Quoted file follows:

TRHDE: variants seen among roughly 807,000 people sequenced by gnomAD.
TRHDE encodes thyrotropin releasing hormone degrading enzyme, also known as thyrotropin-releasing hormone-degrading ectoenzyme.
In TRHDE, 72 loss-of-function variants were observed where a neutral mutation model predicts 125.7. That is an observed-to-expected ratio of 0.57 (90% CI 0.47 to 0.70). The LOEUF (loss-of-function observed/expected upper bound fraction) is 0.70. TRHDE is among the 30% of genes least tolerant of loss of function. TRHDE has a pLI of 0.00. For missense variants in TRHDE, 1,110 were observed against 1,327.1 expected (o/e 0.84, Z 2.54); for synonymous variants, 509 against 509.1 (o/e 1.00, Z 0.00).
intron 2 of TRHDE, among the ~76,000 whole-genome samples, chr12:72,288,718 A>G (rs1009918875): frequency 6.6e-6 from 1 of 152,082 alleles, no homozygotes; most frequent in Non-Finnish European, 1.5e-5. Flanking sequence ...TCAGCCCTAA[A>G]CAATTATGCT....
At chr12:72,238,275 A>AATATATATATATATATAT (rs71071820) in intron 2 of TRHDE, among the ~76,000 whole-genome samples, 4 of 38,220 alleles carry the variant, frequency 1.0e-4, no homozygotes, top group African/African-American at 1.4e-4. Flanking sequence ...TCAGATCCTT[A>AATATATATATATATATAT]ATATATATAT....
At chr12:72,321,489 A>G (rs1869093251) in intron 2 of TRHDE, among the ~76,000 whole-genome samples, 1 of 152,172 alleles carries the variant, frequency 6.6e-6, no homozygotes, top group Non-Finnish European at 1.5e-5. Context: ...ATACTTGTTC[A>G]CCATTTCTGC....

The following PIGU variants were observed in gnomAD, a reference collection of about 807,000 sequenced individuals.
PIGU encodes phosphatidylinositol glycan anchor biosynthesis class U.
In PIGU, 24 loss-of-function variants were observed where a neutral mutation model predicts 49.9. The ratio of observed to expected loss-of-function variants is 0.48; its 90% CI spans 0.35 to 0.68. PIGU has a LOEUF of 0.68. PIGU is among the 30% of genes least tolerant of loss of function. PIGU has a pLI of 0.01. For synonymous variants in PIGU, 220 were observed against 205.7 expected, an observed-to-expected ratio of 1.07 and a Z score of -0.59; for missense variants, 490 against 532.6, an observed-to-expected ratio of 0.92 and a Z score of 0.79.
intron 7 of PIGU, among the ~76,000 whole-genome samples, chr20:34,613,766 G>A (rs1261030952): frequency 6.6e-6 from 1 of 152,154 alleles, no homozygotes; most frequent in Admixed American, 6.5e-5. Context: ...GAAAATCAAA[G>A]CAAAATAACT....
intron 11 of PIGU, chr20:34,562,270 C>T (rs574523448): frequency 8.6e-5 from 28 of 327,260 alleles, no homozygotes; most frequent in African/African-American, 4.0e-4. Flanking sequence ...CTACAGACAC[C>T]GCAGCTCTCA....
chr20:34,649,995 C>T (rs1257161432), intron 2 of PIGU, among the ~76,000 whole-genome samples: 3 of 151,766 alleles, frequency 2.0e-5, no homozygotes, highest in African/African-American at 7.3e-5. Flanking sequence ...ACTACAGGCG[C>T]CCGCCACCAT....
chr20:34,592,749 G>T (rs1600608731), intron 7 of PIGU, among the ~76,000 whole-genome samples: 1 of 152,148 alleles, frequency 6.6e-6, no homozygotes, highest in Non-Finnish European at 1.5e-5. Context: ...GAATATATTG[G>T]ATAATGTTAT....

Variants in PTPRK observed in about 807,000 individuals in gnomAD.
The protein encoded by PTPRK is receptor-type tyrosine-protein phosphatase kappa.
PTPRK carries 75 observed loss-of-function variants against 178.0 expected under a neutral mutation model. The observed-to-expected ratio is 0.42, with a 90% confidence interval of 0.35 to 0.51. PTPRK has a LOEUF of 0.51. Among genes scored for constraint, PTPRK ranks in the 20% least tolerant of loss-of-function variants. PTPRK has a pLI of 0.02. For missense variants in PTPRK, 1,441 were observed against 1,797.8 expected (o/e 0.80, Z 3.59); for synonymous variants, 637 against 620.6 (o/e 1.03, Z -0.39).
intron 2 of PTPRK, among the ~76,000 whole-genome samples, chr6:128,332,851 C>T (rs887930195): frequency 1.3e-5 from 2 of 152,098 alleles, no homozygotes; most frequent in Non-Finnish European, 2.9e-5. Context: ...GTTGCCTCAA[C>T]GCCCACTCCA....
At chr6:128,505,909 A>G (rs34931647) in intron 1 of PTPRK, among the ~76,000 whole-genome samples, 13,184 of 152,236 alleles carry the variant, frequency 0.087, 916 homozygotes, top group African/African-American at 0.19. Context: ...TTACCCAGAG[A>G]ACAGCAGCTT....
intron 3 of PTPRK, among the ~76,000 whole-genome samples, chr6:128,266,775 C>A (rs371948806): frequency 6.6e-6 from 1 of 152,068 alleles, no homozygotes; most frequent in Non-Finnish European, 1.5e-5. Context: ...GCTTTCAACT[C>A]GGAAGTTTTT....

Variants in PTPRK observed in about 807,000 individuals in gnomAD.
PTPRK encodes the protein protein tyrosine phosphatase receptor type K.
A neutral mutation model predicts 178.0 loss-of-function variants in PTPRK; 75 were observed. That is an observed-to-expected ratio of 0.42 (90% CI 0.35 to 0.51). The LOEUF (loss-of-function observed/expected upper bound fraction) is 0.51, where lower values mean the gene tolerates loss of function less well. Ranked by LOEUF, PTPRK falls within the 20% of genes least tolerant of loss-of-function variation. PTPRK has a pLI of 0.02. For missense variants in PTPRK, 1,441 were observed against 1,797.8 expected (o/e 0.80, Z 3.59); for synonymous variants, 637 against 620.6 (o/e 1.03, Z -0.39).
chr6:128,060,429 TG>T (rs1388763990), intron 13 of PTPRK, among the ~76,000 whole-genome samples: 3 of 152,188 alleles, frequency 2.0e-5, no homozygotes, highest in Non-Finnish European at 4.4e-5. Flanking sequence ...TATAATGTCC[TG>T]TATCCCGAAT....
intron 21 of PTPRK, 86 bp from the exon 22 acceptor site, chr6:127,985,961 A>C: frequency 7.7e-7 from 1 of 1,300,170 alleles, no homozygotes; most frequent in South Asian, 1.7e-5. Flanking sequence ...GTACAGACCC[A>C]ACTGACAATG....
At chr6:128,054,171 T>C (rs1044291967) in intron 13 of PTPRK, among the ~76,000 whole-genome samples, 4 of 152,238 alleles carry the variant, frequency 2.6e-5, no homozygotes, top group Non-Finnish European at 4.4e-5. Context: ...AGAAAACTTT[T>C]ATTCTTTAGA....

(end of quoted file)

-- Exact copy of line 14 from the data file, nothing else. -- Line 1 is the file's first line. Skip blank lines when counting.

Variants in PTPRK observed in about 807,000 individuals in gnomAD.